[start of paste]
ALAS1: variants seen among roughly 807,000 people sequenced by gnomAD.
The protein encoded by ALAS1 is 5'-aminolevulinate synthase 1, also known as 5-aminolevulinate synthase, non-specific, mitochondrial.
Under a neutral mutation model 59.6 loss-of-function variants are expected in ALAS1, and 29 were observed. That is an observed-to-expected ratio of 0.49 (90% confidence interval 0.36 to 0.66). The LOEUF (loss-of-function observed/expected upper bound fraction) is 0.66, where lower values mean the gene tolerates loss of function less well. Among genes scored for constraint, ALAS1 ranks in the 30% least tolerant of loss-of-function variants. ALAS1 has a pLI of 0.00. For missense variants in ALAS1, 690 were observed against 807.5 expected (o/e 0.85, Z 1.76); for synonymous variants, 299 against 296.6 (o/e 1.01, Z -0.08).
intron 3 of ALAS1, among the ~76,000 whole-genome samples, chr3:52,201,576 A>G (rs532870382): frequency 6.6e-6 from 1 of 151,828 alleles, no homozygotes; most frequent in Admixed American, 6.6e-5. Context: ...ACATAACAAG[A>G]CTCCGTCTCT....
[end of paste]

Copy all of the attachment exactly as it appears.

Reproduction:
ALAS1: variants seen among roughly 807,000 people sequenced by gnomAD.
The protein encoded by ALAS1 is 5'-aminolevulinate synthase 1, also known as 5-aminolevulinate synthase, non-specific, mitochondrial.
Under a neutral mutation model 59.6 loss-of-function variants are expected in ALAS1, and 29 were observed. That is an observed-to-expected ratio of 0.49 (90% confidence interval 0.36 to 0.66). The LOEUF (loss-of-function observed/expected upper bound fraction) is 0.66, where lower values mean the gene tolerates loss of function less well. Among genes scored for constraint, ALAS1 ranks in the 30% least tolerant of loss-of-function variants. ALAS1 has a pLI of 0.00. For missense variants in ALAS1, 690 were observed against 807.5 expected (o/e 0.85, Z 1.76); for synonymous variants, 299 against 296.6 (o/e 1.01, Z -0.08).
intron 3 of ALAS1, among the ~76,000 whole-genome samples, chr3:52,201,576 A>G (rs532870382): frequency 6.6e-6 from 1 of 151,828 alleles, no homozygotes; most frequent in Admixed American, 6.6e-5. Context: ...ACATAACAAG[A>G]CTCCGTCTCT....